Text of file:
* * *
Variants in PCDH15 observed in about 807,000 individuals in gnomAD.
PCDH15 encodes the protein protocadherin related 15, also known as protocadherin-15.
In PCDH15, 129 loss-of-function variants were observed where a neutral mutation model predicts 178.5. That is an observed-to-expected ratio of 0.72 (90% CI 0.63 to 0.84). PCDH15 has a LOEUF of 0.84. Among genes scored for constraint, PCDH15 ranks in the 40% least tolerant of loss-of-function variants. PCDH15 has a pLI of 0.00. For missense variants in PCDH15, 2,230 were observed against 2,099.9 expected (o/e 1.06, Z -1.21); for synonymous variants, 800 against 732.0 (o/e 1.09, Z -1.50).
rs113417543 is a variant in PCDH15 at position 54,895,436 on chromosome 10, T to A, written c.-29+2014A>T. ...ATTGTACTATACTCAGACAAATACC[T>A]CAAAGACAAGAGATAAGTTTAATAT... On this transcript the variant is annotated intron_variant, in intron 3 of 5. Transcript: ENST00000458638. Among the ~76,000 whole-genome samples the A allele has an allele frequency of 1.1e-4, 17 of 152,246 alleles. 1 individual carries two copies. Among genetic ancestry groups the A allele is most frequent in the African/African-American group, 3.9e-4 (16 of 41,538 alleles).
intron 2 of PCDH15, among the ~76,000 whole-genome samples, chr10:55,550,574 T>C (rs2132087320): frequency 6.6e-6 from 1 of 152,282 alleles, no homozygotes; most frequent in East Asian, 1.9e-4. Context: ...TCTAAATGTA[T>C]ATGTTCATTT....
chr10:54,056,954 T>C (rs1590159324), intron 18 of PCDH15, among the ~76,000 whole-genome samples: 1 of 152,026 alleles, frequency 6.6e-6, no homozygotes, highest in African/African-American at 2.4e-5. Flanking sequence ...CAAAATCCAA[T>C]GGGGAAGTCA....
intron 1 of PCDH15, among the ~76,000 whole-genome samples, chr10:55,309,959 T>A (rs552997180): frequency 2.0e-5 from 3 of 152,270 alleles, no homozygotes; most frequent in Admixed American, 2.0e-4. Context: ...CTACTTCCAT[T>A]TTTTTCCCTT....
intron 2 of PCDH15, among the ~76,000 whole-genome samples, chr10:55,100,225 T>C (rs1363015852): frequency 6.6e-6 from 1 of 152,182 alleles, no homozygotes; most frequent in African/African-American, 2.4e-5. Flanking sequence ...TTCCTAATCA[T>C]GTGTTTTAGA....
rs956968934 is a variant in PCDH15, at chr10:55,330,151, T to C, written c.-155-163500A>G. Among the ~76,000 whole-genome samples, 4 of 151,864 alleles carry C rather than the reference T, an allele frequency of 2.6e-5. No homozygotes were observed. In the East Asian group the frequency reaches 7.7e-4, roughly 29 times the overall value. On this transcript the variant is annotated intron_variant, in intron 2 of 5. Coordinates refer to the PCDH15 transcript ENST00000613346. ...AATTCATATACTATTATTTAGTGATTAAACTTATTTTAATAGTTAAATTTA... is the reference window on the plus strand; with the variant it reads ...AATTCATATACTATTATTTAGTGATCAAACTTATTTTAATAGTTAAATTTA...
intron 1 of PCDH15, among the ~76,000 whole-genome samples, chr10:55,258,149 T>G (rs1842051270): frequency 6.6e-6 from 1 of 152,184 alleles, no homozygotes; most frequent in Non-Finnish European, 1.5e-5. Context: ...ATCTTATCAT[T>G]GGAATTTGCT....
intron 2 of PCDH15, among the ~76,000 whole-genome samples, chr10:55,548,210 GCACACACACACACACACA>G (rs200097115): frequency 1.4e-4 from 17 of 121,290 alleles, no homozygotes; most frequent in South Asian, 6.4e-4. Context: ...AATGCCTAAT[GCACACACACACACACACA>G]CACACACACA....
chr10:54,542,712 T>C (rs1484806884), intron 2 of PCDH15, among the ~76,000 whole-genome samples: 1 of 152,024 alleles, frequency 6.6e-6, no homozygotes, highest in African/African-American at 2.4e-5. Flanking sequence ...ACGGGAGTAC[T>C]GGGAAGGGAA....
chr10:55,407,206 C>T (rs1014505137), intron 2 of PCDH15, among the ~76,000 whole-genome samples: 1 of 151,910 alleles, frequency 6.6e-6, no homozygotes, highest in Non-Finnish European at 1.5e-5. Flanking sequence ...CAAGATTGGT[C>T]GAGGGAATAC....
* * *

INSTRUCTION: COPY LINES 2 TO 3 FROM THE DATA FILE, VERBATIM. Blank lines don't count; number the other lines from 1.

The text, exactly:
PCDH15 encodes the protein protocadherin related 15, also known as protocadherin-15.
In PCDH15, 129 loss-of-function variants were observed where a neutral mutation model predicts 178.5. That is an observed-to-expected ratio of 0.72 (90% CI 0.63 to 0.84). PCDH15 has a LOEUF of 0.84. Among genes scored for constraint, PCDH15 ranks in the 40% least tolerant of loss-of-function variants. PCDH15 has a pLI of 0.00. For missense variants in PCDH15, 2,230 were observed against 2,099.9 expected (o/e 1.06, Z -1.21); for synonymous variants, 800 against 732.0 (o/e 1.09, Z -1.50).